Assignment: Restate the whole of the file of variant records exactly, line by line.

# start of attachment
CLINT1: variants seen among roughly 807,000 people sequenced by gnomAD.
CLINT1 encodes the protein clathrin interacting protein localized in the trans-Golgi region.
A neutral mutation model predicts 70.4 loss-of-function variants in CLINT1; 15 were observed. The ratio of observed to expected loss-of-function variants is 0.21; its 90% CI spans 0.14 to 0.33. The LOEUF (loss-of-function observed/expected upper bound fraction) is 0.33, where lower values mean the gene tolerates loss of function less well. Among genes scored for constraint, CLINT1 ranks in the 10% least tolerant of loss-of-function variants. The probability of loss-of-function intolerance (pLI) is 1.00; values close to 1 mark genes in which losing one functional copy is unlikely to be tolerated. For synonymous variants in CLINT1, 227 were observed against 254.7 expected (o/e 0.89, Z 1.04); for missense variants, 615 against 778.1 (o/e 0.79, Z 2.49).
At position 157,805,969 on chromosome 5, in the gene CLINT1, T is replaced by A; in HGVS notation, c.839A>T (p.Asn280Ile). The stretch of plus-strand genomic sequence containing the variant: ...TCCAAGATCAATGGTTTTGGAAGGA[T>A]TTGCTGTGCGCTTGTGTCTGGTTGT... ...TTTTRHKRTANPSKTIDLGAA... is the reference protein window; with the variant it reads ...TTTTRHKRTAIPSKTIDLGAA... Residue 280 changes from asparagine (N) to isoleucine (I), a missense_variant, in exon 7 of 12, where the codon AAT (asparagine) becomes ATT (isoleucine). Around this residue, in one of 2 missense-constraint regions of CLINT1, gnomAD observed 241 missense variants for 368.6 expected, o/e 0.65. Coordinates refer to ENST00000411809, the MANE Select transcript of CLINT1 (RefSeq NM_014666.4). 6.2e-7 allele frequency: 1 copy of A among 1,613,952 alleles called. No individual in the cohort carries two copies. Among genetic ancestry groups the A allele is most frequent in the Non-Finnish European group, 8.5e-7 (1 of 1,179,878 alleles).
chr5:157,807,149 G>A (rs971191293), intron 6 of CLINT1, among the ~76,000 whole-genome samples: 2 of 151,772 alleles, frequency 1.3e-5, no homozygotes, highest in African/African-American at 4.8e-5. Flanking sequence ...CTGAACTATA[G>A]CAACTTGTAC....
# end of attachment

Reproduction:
CLINT1: variants seen among roughly 807,000 people sequenced by gnomAD.
CLINT1 encodes the protein clathrin interacting protein localized in the trans-Golgi region.
A neutral mutation model predicts 70.4 loss-of-function variants in CLINT1; 15 were observed. The ratio of observed to expected loss-of-function variants is 0.21; its 90% CI spans 0.14 to 0.33. The LOEUF (loss-of-function observed/expected upper bound fraction) is 0.33, where lower values mean the gene tolerates loss of function less well. Among genes scored for constraint, CLINT1 ranks in the 10% least tolerant of loss-of-function variants. The probability of loss-of-function intolerance (pLI) is 1.00; values close to 1 mark genes in which losing one functional copy is unlikely to be tolerated. For synonymous variants in CLINT1, 227 were observed against 254.7 expected (o/e 0.89, Z 1.04); for missense variants, 615 against 778.1 (o/e 0.79, Z 2.49).
At position 157,805,969 on chromosome 5, in the gene CLINT1, T is replaced by A; in HGVS notation, c.839A>T (p.Asn280Ile). The stretch of plus-strand genomic sequence containing the variant: ...TCCAAGATCAATGGTTTTGGAAGGA[T>A]TTGCTGTGCGCTTGTGTCTGGTTGT... ...TTTTRHKRTANPSKTIDLGAA... is the reference protein window; with the variant it reads ...TTTTRHKRTAIPSKTIDLGAA... Residue 280 changes from asparagine (N) to isoleucine (I), a missense_variant, in exon 7 of 12, where the codon AAT (asparagine) becomes ATT (isoleucine). Around this residue, in one of 2 missense-constraint regions of CLINT1, gnomAD observed 241 missense variants for 368.6 expected, o/e 0.65. Coordinates refer to ENST00000411809, the MANE Select transcript of CLINT1 (RefSeq NM_014666.4). 6.2e-7 allele frequency: 1 copy of A among 1,613,952 alleles called. No individual in the cohort carries two copies. Among genetic ancestry groups the A allele is most frequent in the Non-Finnish European group, 8.5e-7 (1 of 1,179,878 alleles).
chr5:157,807,149 G>A (rs971191293), intron 6 of CLINT1, among the ~76,000 whole-genome samples: 2 of 151,772 alleles, frequency 1.3e-5, no homozygotes, highest in African/African-American at 4.8e-5. Flanking sequence ...CTGAACTATA[G>A]CAACTTGTAC....